Open Edge first appeared years ago when they began with the FoldaRap folding 3D printer, but now they’re on to something quite interesting: a very sophisticated nozzle.
They’ve been focusing on developing a new nozzle as they realized something quite fundamental: the force required to push the filament through a nozzle can be significant. If they were somehow able to decrease the resistance of the nozzle, it could mean:
- More reliable printing, particularly on borden-style machines
- Less need for strong extruder motors, possibly lowering cost and increasing reliability
And it seems they’ve accomplished this! They have created nozzle with a “unique inner conical geometry” that significantly reduces push resistance. Don’t believe us? Check out this chart of their tests. The number represent the force in grams required to push through each nozzle configuration:
As you can see, their resistance is significantly less (above), particularly at higher temperatures (below). We think the improved nozzle is a fundamental improvement to plastic extrusion-based 3D printing technology.
Here you can see one of the several tests they performed to determine the force required on various nozzles.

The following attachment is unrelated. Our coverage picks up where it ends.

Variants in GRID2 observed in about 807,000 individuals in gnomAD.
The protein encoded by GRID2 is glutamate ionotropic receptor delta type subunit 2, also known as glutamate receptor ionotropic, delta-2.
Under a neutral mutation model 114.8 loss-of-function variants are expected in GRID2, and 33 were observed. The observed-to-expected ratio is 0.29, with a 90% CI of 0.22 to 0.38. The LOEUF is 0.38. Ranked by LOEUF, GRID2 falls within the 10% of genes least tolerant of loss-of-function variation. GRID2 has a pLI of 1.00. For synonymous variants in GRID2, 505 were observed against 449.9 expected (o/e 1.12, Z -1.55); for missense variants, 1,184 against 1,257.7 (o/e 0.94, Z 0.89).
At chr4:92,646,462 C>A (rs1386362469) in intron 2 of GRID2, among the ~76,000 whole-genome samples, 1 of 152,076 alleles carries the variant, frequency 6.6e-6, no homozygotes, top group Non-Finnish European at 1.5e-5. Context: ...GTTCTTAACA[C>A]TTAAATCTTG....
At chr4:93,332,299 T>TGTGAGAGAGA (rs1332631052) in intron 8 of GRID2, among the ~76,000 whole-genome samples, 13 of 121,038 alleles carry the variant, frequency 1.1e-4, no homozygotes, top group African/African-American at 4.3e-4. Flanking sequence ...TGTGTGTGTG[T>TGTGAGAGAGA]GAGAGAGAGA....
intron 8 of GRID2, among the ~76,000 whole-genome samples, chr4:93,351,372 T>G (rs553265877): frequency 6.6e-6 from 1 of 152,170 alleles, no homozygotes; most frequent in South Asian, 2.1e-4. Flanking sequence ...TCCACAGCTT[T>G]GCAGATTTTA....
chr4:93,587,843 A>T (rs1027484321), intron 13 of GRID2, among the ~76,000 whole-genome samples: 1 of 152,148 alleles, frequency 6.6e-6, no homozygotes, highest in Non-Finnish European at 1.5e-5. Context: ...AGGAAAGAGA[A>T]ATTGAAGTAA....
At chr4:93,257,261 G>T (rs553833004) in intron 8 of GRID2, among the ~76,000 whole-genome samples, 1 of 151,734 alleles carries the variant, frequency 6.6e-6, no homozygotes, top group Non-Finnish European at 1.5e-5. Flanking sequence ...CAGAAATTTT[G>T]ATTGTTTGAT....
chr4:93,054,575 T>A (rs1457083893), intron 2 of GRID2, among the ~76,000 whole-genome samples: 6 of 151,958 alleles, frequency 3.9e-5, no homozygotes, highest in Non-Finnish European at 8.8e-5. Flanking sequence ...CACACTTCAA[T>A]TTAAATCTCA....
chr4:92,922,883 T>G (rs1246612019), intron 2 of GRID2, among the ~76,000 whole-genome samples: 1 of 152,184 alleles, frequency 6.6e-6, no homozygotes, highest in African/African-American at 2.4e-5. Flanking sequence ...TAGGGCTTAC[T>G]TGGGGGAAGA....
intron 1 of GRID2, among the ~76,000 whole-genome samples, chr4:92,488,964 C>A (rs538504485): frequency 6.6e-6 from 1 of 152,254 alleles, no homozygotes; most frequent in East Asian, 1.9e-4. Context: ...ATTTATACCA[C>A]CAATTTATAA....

They’ve now designed the nozzle for use in other machines, but we suspect they’d rather you purchase the nozzle – along with the rest of the 3D printer – right from them!
They’re currently running a Kickstarter campaign for their new Mondrian desktop 3D printer, which of course, includes the new nozzle. This machine sports a 200 x 200 x 200mm build volume, and can print up to 0.1mm layers at 40mm/second. It’s print volume is quite good considering the exterior size of the machine. There’s a heated print surface permitting the use of plastics other than PLA, and if we didn’t mention it, the machine uses a borden-style extruder.
They’re working on much more, including a WiFi interface for an on-board Raspberry Pi controller that will be pre-configured with OctoPrint, enabling cloud-based operations. They’re also researching a way to perform liquid extrusions, which might lead to food printing capabilities, as well as “laser engraving, paste extrusion, plotting, cutting, etc”. This could be a very interesting machine in the future.
For now, however, you’ll have to pre-order one from their Kickstarter page, where they’re offering a variety of purchase options, with a basic assembled version going for €1,100 (USD$1,190).